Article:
Terpsichore has dreamed about becoming a pioneer like Laura Ingalls Wilder, and now, with only two days to pack, her family is joining 201 other families on the way to Alaska. Most of her family comes to love Alaska, but her mother misses life back in Wisconsin. What can Terpsichore do to convince her mother to stay? Inspired by Laura Ingalls Wilder’s Farmer Boy, she develops a plan that includes a giant pumpkin and a recipe for jellied moose nose.
This exciting pioneering story, based on actual events, introduces readers to a fascinating chapter of American history when one of FDR’s New Deal programs took over 200 families off welfare and transported them to Alaska to become self-sufficient farmers.
Kimber Li says I love anything Alaska! Moved there decades ago to snag a husband, had a bunch of kids. Alaska is awesome! Miss it a lot.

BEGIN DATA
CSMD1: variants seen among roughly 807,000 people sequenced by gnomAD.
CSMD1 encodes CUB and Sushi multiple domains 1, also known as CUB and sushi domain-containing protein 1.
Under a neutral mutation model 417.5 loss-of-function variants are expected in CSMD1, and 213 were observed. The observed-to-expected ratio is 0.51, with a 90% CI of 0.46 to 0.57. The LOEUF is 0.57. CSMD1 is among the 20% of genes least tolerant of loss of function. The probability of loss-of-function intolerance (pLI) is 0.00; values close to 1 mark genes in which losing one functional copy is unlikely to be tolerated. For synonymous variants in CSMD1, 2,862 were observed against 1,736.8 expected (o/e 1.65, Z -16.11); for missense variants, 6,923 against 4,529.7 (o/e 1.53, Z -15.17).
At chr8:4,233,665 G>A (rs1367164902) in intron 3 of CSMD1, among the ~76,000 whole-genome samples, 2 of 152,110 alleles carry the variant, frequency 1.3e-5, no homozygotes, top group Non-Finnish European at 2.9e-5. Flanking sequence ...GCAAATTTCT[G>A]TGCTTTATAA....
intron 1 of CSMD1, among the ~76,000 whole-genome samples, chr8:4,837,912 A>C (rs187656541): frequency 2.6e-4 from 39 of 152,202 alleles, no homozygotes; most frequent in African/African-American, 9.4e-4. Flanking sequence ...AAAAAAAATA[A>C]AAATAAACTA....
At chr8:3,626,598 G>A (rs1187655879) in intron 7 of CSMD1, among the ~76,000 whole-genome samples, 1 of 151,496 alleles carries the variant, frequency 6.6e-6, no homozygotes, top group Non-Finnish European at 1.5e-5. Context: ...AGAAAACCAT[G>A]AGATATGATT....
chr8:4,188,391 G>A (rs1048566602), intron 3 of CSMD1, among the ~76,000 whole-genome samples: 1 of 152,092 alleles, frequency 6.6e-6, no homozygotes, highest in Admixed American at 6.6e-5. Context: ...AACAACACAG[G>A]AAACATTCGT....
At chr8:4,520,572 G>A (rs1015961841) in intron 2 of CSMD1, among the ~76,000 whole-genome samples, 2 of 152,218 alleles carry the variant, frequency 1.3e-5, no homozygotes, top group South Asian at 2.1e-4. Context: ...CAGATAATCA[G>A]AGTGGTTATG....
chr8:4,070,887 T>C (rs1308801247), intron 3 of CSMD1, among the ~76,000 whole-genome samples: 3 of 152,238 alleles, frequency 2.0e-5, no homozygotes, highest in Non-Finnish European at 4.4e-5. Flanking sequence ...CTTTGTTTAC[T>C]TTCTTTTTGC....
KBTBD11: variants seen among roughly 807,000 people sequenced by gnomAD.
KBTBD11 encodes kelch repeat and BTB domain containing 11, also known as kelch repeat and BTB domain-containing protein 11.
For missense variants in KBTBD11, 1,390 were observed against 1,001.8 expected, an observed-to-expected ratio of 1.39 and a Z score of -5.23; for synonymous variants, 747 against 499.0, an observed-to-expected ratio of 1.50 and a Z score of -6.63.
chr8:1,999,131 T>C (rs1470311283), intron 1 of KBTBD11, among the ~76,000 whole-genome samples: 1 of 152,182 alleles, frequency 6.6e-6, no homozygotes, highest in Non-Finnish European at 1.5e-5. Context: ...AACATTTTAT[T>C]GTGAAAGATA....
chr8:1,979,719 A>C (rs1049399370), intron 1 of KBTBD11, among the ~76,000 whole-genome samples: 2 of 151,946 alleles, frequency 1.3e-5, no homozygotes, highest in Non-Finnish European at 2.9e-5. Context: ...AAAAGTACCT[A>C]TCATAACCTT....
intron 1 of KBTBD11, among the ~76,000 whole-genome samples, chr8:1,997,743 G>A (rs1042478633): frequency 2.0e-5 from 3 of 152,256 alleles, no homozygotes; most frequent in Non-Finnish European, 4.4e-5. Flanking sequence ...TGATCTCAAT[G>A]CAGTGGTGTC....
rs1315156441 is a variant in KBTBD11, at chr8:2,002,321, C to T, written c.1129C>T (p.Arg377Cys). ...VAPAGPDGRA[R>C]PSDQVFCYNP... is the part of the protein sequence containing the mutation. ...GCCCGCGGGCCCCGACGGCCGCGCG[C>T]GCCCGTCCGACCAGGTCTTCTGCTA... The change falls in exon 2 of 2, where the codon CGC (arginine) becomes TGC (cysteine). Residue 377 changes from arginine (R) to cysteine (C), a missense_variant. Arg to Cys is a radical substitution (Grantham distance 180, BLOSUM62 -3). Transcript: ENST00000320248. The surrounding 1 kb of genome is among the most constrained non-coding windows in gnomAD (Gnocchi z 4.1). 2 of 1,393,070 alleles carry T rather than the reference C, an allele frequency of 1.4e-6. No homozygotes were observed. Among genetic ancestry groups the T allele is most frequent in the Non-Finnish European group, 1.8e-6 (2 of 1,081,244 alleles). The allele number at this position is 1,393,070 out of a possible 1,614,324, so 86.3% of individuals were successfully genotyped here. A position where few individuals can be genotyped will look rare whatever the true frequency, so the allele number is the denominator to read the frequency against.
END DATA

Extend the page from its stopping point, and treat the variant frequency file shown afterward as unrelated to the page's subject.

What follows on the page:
About the Author
After careers as a children’s librarian, certified public accountant, and assistant library director, I retired early to do what I had always wanted to do: write. My first book, The Year We Were Famous, was based on the true story of my great-aunt’s 4,000-mile walk with her mother across the country in 1896.
My second book, Sweet Home Alaska, was inspired when my son bought a 1930’s house across from a potato field in Palmer, Alaska. Following my curiosity about the early days of Palmer, I eventually had a banker’s box full of notes, enough for a book.
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